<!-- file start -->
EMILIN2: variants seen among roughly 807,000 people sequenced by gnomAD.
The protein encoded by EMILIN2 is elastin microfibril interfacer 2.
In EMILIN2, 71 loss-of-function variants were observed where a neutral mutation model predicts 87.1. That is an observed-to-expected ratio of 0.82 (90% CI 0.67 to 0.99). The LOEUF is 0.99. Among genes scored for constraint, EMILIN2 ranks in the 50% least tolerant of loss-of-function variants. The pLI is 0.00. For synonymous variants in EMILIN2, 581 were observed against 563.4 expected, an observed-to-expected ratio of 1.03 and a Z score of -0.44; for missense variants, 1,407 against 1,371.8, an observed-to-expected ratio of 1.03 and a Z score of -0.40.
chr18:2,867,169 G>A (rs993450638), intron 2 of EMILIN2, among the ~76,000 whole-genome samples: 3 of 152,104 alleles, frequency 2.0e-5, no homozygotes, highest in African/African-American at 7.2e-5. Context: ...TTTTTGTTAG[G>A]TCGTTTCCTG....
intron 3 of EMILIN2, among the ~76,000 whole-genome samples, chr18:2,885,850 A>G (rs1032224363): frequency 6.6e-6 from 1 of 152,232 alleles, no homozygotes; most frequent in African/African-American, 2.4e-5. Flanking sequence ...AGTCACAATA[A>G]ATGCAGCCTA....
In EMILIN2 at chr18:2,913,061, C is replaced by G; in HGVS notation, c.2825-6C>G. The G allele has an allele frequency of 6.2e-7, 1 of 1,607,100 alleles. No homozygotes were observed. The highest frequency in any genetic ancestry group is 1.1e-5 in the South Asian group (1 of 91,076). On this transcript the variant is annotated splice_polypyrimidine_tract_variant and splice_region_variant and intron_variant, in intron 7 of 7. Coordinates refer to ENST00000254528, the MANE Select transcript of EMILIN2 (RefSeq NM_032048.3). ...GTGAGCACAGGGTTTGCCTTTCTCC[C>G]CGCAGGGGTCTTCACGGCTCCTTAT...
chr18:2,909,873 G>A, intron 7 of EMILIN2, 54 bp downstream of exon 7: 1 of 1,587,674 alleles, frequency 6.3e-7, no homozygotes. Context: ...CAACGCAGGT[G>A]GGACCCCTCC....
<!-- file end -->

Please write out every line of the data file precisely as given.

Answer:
EMILIN2: variants seen among roughly 807,000 people sequenced by gnomAD.
The protein encoded by EMILIN2 is elastin microfibril interfacer 2.
In EMILIN2, 71 loss-of-function variants were observed where a neutral mutation model predicts 87.1. That is an observed-to-expected ratio of 0.82 (90% CI 0.67 to 0.99). The LOEUF is 0.99. Among genes scored for constraint, EMILIN2 ranks in the 50% least tolerant of loss-of-function variants. The pLI is 0.00. For synonymous variants in EMILIN2, 581 were observed against 563.4 expected, an observed-to-expected ratio of 1.03 and a Z score of -0.44; for missense variants, 1,407 against 1,371.8, an observed-to-expected ratio of 1.03 and a Z score of -0.40.
chr18:2,867,169 G>A (rs993450638), intron 2 of EMILIN2, among the ~76,000 whole-genome samples: 3 of 152,104 alleles, frequency 2.0e-5, no homozygotes, highest in African/African-American at 7.2e-5. Context: ...TTTTTGTTAG[G>A]TCGTTTCCTG....
intron 3 of EMILIN2, among the ~76,000 whole-genome samples, chr18:2,885,850 A>G (rs1032224363): frequency 6.6e-6 from 1 of 152,232 alleles, no homozygotes; most frequent in African/African-American, 2.4e-5. Flanking sequence ...AGTCACAATA[A>G]ATGCAGCCTA....
In EMILIN2 at chr18:2,913,061, C is replaced by G; in HGVS notation, c.2825-6C>G. The G allele has an allele frequency of 6.2e-7, 1 of 1,607,100 alleles. No homozygotes were observed. The highest frequency in any genetic ancestry group is 1.1e-5 in the South Asian group (1 of 91,076). On this transcript the variant is annotated splice_polypyrimidine_tract_variant and splice_region_variant and intron_variant, in intron 7 of 7. Coordinates refer to ENST00000254528, the MANE Select transcript of EMILIN2 (RefSeq NM_032048.3). ...GTGAGCACAGGGTTTGCCTTTCTCC[C>G]CGCAGGGGTCTTCACGGCTCCTTAT...
chr18:2,909,873 G>A, intron 7 of EMILIN2, 54 bp downstream of exon 7: 1 of 1,587,674 alleles, frequency 6.3e-7, no homozygotes. Context: ...CAACGCAGGT[G>A]GGACCCCTCC....